Collectively, our actions have been aggressive and unprecedented. Since October 2007, the Federal Reserve’s balance sheet has grown from $855 billion to about $2 trillion, and with our recent announcements, we are prepared to expand it further.

In addition to these policy tools, we can also utilize our supervisory resources and authority to improve bank lending and the flow of credit. The Federal Reserve and other bank regulators are stress testing the largest banks to ensure that they have the capital they need to operate safely.

Ultimately, the surest sign that financial markets are on the mend will be an inflow of private capital into the banking system and a broad-based rise in bank lending. Since the beginning of the year, commercial and industrial loans, as well as loans for commercial real estate, have declined. On the other hand, consumer and residential mortgage loans are again increasing, particularly for refinancing. As economic conditions stabilize, more households and businesses will have the confidence to borrow, and more borrowers will become better credit risks. Both developments will contribute to economic growth.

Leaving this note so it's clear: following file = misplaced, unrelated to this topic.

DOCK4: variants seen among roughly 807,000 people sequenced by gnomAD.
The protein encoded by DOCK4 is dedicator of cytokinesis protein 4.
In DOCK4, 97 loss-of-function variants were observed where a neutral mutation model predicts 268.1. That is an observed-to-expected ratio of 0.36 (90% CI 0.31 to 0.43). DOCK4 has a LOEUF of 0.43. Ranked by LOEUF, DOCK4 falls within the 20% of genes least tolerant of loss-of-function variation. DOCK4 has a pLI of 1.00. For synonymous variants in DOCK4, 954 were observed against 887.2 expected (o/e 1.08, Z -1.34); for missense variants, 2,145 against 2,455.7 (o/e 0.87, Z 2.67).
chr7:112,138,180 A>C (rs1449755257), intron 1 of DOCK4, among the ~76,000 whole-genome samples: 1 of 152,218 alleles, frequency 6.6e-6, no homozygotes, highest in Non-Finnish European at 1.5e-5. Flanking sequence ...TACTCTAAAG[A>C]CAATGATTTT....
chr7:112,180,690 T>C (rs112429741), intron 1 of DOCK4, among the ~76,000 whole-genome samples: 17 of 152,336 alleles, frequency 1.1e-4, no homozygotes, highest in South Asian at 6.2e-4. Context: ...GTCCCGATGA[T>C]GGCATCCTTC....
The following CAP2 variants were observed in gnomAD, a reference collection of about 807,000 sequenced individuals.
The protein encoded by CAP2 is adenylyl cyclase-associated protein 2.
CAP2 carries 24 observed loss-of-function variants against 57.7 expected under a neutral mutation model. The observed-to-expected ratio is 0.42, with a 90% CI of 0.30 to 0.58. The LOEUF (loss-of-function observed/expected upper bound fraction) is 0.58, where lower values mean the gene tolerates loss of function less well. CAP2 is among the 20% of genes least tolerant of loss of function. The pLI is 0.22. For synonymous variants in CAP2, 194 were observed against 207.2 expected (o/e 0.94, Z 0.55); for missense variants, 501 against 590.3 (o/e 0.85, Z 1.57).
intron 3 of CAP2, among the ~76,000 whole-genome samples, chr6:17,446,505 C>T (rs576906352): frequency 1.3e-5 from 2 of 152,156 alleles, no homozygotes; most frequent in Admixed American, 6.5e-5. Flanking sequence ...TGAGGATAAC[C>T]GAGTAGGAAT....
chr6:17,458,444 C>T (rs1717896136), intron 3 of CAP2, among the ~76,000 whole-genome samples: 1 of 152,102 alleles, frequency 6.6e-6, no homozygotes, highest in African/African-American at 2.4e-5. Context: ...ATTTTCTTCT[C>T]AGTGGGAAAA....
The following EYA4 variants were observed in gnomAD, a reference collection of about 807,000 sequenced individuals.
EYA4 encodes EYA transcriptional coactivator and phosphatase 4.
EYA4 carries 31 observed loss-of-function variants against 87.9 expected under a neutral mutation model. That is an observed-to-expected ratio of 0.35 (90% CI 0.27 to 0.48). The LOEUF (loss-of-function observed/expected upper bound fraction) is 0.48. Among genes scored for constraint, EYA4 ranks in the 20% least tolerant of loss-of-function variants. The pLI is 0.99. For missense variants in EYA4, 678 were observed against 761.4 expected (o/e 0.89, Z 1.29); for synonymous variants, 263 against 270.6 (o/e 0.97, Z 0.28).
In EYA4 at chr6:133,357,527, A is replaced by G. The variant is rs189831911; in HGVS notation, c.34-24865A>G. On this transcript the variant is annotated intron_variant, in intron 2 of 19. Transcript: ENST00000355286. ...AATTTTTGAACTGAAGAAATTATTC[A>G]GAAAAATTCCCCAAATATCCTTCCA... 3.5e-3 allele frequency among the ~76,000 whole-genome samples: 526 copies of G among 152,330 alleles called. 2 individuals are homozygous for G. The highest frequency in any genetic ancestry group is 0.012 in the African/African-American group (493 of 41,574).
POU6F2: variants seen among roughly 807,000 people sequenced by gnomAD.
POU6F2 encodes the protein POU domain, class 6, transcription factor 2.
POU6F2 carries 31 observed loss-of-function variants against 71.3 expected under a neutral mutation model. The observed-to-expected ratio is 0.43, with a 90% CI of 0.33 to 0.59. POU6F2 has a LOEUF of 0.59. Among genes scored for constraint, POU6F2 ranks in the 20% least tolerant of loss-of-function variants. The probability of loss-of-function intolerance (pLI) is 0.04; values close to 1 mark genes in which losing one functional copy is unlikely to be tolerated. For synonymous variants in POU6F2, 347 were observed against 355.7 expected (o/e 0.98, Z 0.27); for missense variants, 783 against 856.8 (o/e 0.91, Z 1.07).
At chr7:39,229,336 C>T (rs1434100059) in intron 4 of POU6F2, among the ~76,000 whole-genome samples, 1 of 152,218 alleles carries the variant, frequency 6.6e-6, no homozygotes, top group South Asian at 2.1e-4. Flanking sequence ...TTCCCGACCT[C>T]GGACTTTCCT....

II. Tiered Parity: A New Framework for Acknowledging and Addressing Systemic Risk

As our economy moves toward recovery, I believe it is critical for us to step back and take a closer look at how this turmoil came about and what we as regulators can do to minimize the risk of such crises happening again. There has already been much public discussion on these points, and more discussion lies ahead. So, while we are all thinking this through, let me share my preliminary thoughts on two directions for change. The first is to advocate for a new risk-based framework for categorizing and regulating financial institutions. The second is to affirm the benefits of macroprudential supervision.